• The fund managers have decided to bar lumpsum investments during frothy times, i.e., when markets are overvalued. This clearly shows that the fund does not just aim to increase its AUM. It wants to make sure that people do not invest a lot when markets are going higher and higher. They want investors to be fearful when others are greedy.
  • The scheme now allows an investment in SIP mode for a minimum value of Rs 1000 per month. This has been reduced from an initial figure of Rs 5000, which would have acted as a deterrent for small investors.
  • A small 3 member team would be managing the fund and hence, decision making would be quicker and rationale. There is no cumbersome hierarchy like a lot of other fund houses where analysts would be ‘forced’ to come up with investment ideas on a regular basis, irrespective of the fact that whether the markets are overvalued or undervalued.
  • The fund does not have a ‘dividend payout or reinvestment’ option. It is a value fund and hence, there is just one ‘growth’ option. You need to give time to your money to grow. And that is what the fund is trying to achieve with this.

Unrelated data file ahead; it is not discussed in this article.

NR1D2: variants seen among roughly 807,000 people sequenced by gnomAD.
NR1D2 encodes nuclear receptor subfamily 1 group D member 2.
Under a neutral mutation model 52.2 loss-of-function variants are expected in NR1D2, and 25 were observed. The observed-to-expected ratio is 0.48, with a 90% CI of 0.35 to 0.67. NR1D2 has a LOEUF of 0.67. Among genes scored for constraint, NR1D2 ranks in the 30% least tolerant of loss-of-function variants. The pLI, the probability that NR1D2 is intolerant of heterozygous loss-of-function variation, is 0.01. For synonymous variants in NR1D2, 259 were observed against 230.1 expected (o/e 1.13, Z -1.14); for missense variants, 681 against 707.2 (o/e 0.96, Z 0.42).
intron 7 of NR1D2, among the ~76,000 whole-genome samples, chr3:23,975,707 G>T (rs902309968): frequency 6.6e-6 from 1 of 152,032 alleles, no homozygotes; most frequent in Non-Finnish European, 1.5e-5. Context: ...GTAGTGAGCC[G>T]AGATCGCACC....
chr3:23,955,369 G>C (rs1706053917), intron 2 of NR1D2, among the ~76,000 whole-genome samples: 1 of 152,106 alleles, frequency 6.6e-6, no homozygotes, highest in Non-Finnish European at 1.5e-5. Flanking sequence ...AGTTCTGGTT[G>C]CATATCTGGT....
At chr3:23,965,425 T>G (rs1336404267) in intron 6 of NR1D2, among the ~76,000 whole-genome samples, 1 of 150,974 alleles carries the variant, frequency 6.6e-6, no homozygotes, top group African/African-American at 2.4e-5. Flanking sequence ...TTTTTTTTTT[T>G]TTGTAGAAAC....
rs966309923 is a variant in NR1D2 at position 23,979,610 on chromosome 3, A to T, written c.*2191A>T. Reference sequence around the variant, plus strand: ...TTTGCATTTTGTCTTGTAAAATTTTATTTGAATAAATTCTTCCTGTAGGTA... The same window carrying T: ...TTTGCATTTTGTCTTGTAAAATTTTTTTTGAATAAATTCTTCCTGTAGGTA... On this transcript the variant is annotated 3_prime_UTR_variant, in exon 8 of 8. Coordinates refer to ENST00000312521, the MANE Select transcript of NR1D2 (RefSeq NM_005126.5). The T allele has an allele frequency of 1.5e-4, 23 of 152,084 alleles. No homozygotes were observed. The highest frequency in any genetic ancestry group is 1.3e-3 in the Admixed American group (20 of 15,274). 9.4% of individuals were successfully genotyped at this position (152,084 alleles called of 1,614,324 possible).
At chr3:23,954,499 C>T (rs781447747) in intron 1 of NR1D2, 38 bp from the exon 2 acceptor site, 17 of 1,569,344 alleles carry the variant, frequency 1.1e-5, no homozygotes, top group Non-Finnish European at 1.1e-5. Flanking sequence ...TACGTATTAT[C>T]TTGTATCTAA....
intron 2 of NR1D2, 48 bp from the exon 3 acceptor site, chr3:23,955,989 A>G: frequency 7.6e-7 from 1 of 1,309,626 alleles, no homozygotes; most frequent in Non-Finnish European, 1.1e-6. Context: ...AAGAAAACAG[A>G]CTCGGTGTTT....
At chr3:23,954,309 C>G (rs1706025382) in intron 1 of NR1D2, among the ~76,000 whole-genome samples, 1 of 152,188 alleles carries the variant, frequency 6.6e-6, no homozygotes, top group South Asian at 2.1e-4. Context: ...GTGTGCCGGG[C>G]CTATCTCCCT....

• In Letter from the Chairman, Mr Parikh urges investors to consider the suitability of this scheme with their financial needs, goals, risk appetite and patience before investing. Now this is something which I have not seen anywhere else. Almost all fund managers' main aim is to increase their AUM and returns they give to shareholders. Nothing wrong with it. But here is one person who, from the onset, is cautioning investors to first see if the scheme matches with an investor’s personality or not.

What We Don’t Like

  • Scheme would invest a minimum of 65% in Indian stocks. Rest 35% would be invested in debt, money market instruments & foreign equities. Though diversification in important, we are not very sure as to how the foreign equities part would be managed considering the (little) experience that fund management team has in its dealings with foreign equities.